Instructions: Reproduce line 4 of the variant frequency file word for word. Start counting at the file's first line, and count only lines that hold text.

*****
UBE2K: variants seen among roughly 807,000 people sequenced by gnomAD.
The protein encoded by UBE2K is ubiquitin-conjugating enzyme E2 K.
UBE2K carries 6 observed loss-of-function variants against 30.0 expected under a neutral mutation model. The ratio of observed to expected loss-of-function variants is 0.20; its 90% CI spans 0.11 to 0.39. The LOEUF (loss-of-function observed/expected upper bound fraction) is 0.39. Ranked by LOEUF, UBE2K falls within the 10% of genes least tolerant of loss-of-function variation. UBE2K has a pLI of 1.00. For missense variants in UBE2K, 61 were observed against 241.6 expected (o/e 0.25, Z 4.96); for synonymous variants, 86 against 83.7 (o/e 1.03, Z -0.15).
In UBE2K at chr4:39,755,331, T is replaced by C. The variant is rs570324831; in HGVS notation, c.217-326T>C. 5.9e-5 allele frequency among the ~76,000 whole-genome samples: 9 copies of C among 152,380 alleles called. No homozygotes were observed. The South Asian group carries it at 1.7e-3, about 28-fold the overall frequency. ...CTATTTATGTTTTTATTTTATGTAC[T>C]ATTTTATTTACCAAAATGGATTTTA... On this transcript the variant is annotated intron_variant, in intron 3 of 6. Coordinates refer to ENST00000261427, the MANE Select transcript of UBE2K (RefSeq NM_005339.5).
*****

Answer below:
In UBE2K at chr4:39,755,331, T is replaced by C. The variant is rs570324831; in HGVS notation, c.217-326T>C. 5.9e-5 allele frequency among the ~76,000 whole-genome samples: 9 copies of C among 152,380 alleles called. No homozygotes were observed. The South Asian group carries it at 1.7e-3, about 28-fold the overall frequency. ...CTATTTATGTTTTTATTTTATGTAC[T>C]ATTTTATTTACCAAAATGGATTTTA... On this transcript the variant is annotated intron_variant, in intron 3 of 6. Coordinates refer to ENST00000261427, the MANE Select transcript of UBE2K (RefSeq NM_005339.5).